Remembrance services across Havant area in tribute to the fallen

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COMMUNITIES united in memory of those who made the ultimate sacrifice defending the nation.

From village squares to town centres, people across the Havant area fell silent to mark Remembrance Sunday.

The Remembrance Service parade in Emsworth, ending at St James Church'''Pictures: Mike Cooter (171548)

The Remembrance Service parade in Emsworth, ending at St James Church'''Pictures: Mike Cooter (171548)

Hundreds joined services yesterday to remember those who have fallen during and since the First World War.

In Havant, scores of people watched a parade pass through the town.

Leading off from The Royal British Legion’s Ex-Servicemen’s Club, in Brockhampton Lane, the procession marched to the town’s war memorial where wreaths were laid.

People then moved into St Faith’s Church for a service to mark those from the town who have died while serving in the military.

Among those in attendance was Havant MP Alan Mak, who said he was moved by the support shown by residents.

He said: ‘Across the Havant constituency, communities came together to honour the memory of those who sacrificed for our freedom.

‘The main Havant service at St Faith’s Church was a moving and dignified event that brought the community together in remembrance.’

In Horndean, crowds gathered to pay their respects to the area’s fallen military heroes.

The village’s war memorial was surrounded by many families and children, as well as representatives from military charities, uniformed services and cadets.

Among those at the service was Lord John Attlee, the grandson of Clement Attlee, the former Labour prime minister who helped rebuild Britain after the Second World War.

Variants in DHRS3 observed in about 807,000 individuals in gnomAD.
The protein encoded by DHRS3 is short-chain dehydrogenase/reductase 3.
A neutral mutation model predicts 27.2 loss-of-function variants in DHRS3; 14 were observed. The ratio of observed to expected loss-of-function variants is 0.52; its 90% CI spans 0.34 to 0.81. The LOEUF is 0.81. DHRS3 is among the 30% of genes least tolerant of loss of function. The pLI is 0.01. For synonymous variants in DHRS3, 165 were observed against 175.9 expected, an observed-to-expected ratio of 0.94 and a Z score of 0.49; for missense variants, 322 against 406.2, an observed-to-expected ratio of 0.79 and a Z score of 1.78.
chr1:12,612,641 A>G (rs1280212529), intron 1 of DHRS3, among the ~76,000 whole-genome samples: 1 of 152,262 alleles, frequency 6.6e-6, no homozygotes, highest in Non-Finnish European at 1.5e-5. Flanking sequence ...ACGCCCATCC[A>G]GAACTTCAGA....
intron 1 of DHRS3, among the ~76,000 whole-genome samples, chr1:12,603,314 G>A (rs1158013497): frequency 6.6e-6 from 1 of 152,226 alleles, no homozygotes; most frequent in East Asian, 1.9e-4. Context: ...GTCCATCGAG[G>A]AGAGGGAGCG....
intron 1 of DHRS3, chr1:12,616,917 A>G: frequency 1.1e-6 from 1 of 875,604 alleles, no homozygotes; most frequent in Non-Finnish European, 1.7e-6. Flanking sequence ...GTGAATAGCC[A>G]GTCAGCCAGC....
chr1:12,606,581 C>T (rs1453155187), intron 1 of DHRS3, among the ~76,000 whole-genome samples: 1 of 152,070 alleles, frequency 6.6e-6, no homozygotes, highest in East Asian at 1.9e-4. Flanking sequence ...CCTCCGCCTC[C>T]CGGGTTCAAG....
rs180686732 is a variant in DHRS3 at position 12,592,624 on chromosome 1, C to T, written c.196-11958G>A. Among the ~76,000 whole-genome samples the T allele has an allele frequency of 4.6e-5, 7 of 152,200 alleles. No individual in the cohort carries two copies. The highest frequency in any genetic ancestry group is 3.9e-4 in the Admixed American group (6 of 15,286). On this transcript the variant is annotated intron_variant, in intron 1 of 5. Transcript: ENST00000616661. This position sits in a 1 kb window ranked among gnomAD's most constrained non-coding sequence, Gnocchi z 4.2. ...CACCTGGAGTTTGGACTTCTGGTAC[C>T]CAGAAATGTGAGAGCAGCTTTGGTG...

He said: ‘We need to remember sacrifices made in the past, the mistakes we made in the past and ensure we learn from mistakes made.’

Horndean resident Valerie Roke praised the number of young people who attended this year’s solemn event.

She said: ‘It is important to remember those who have died for our freedom.

‘My father was a prisoner-of-war and he was in D-Day and got captured. It is nice to see a lot of young people here today and a lot of families.’

Streets came to a standstill in Emsworth as children marched through the town for their Remembrance parade.

Dozens of youngsters from Beavers, Cubs, Scouts, Guides and the town’s Girls’ Brigade joined the procession, which started in Queen Street.

Led by the Nautical Training Corps band of TS Defender, the children marched to St James, in Palmers Road, where a short service was held.

Veteran Laurence Bath, 72, of Emsworth, was among the crowd cheering on the parade. He was there supporting his granddaughter Ashleigh Levett, 10, who was marching.

Mr Bath, a retired Sergeant in the Royal Artillery who served in Northern Ireland, said: ‘It’s been brilliant seeing her. I’m very proud.’

He added: ‘Days like today mean a lot. We have always got to remember those who died.’

Lieutenant Tom Varco, 26, was watching in his full naval uniform with his partner, Raychel Conway, 29. He said: ‘Today’s turnout has been brilliant. We’ve only just moved here so to see so many people taking part has been great. It’s a nice feeling. Although I haven’t been in the service long, I’ve had people coming up to me and shaking my hand, saying “thank you”. That means a lot.’

Sales administrator Raychel also praised the youngsters for their display of patriotism, and that of those who watched from the sidelines. She said: ‘Today’s been a really great show of community spirit.’

On Hayling Island a procession took place, with dozens of people taking part.

The parade, featuring a number of uniformed groups and Scouts, left from Mengham car park, in Church Road, and went to St Mary’s Church, in St Mary’s Road where a service was staged.

Earlier, on Saturday, communities marked Armistice Day.